Rehabilitation

Offender Mentor Certification teaches inmates to help themselves, others

Offender Mentor Certification Passport to Purpose program booklet.
Passport to Purpose.

Graduates earn international certificates to become alcohol-drug abuse counselors

Editor’s note: Inside CDCR takes a closer look at the Offender Mentor Certification Program.

People helping people and making positive difference in others’ lives is exactly what’s happening inside CDCR.

Avenal State Prison and Central California Women’s Facility inmates, many facing life sentences, are changing their lives while learning how to effect change by counseling others.

The Offender Mentor Certification Program (OMCP) gives selected inmates an opportunity to become licensed substance abuse treatment counselors, which often leads to counseling jobs once they leave prison.

Offender Mentor Certification helps get to the heart of the problem

“(The inmates) have deep-rooted issues,” said Sol Irving, a retired Correctional Counselor III who initially founded the program at California State Prison-Solano in 2009. “Not only are you dealing with substance abuse but you’re dealing with self-esteem, you’re dealing with denial management, and character building.”

The OMCP is a voluntary program for long- and life-term inmates who complete a closely supervised 4,000-hour counseling internship in an in-prison substance abuse treatment program. In addition, each participant must successfully pass the Counselor Certification written examination, currently provided through California Association of Alcohol and Drug Abuse Counselors.

The certification isn’t just for the prison, as it is also recognized by the Department of Health Care Services.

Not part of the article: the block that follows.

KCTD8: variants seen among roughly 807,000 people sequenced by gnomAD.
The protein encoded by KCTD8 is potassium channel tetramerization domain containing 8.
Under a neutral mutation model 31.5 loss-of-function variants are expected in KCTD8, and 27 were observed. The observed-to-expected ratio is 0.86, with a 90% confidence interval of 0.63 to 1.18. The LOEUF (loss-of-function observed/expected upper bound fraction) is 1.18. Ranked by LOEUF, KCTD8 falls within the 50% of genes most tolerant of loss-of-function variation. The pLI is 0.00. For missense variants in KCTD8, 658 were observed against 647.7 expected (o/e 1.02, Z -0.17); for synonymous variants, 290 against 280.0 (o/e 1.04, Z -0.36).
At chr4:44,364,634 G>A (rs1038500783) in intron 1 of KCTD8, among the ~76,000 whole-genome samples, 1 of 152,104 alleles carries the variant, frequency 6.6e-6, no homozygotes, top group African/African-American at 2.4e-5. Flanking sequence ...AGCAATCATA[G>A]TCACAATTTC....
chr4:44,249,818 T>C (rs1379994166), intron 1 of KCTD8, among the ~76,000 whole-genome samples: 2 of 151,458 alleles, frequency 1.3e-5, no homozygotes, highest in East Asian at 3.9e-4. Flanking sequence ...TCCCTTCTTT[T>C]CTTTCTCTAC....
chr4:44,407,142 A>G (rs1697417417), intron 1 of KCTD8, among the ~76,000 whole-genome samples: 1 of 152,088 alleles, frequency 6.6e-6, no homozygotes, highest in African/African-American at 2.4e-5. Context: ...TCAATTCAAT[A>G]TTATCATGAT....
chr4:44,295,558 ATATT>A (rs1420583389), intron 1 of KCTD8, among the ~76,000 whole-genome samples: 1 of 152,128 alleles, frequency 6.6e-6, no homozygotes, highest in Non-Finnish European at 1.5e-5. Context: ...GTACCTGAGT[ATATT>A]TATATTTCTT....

Once inmates graduate from this program, they are assigned as inmate mentors at the substance abuse treatment programs within CDCR’s Reentry Hub facilities.

The primary goal of the OMCP is to teach inmates the skills they need to work alongside certified contracted drug and alcohol counselors. So this means they can provide enhanced treatment services to other inmates assigned to substance abuse treatment programs.

There are currently inmates serving as certified drug and alcohol abuse addiction counselors at the following prisons:

  • Avenal State Prison
  • California Correctional Institution in Tehachapi
  • California Men’s Colony in San Luis Obispo
  • Chuckawalla Valley State Prison in Blythe
  • California Rehabilitation Center in Norco
  • Correctional Training Facility in Soledad
  • Substance Abuse Treatment Center and State Prison, Corcoran
  • California State Prison-Solano
  • Central California Women’s Facility in Chowchilla
  • California Institution for Women in Corona

Offender Mentor Certification helps transition into community

After completing the program, many offenders have found success on the outside.

“The inmates who paroled who are certified, a large majority of them are employed as counselors in private agencies. And, some of them are running the agencies now,” Irving said.

Program graduates Al Roensch and Rob Moore recently spoke at a gathering to discuss reentry services. In the audience were state and local law enforcement representatives, judges, and community treatment providers. Reentry services focus on helping offenders transition from incarceration back into the community. Services include housing, treatment, counseling, employment assistance, and child care.

“While I was in Solano I got my Bachelor’s degree in Psychology and that wouldn’t have happened had I not gotten into the Offender Mentor Certification Program,” Roensch said.

“It’s not just about this recovery thing…it’s about a new way of living,” Moore said.

In 2009, the pair were part of the first group selected for the program.

Self improvement

The first step is to get inmates in the program to recognize their own issues and work on them.

“We went through the parallel process. So, that means you can’t (help others) if you haven’t addressed your own self,” Roensch said

Roensch, who was released in July 2013 after serving 17 years in prison, is currently working, all while finishing his parole. After that he plans on working as a substance abuse treatment counselor in the community.

“From where I was and who I used to be, good things are coming,” he said.

After his release from prison three years ago, Moore earned a Master’s degree in Social Work. Meanwhile, he is also a doctorate candidate.

“What I know about the person I am now is that I like this person and hopefully I’m helping people,” Moore said.

By Dana Simas, OPEC Public Information Officer

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